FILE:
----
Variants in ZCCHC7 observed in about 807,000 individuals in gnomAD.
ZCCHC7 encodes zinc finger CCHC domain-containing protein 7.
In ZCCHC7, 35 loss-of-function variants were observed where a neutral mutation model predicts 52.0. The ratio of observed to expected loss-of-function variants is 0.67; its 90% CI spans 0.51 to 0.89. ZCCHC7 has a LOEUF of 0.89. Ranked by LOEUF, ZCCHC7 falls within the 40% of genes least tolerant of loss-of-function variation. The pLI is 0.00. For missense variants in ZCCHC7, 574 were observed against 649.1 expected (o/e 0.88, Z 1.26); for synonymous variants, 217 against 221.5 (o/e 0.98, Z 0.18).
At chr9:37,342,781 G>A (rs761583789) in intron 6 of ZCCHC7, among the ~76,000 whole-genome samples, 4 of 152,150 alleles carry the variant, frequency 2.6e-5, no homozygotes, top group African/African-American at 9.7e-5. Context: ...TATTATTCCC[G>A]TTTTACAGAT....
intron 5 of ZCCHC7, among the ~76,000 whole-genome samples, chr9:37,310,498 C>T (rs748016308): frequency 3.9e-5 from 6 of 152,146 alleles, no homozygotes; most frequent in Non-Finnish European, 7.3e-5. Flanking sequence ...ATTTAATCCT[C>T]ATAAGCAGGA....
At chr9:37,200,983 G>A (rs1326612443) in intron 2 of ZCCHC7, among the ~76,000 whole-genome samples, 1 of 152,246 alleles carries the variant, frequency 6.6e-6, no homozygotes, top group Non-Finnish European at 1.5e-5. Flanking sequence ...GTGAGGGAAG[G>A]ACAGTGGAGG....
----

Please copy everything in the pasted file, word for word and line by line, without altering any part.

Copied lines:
Variants in ZCCHC7 observed in about 807,000 individuals in gnomAD.
ZCCHC7 encodes zinc finger CCHC domain-containing protein 7.
In ZCCHC7, 35 loss-of-function variants were observed where a neutral mutation model predicts 52.0. The ratio of observed to expected loss-of-function variants is 0.67; its 90% CI spans 0.51 to 0.89. ZCCHC7 has a LOEUF of 0.89. Ranked by LOEUF, ZCCHC7 falls within the 40% of genes least tolerant of loss-of-function variation. The pLI is 0.00. For missense variants in ZCCHC7, 574 were observed against 649.1 expected (o/e 0.88, Z 1.26); for synonymous variants, 217 against 221.5 (o/e 0.98, Z 0.18).
At chr9:37,342,781 G>A (rs761583789) in intron 6 of ZCCHC7, among the ~76,000 whole-genome samples, 4 of 152,150 alleles carry the variant, frequency 2.6e-5, no homozygotes, top group African/African-American at 9.7e-5. Context: ...TATTATTCCC[G>A]TTTTACAGAT....
intron 5 of ZCCHC7, among the ~76,000 whole-genome samples, chr9:37,310,498 C>T (rs748016308): frequency 3.9e-5 from 6 of 152,146 alleles, no homozygotes; most frequent in Non-Finnish European, 7.3e-5. Flanking sequence ...ATTTAATCCT[C>T]ATAAGCAGGA....
At chr9:37,200,983 G>A (rs1326612443) in intron 2 of ZCCHC7, among the ~76,000 whole-genome samples, 1 of 152,246 alleles carries the variant, frequency 6.6e-6, no homozygotes, top group Non-Finnish European at 1.5e-5. Flanking sequence ...GTGAGGGAAG[G>A]ACAGTGGAGG....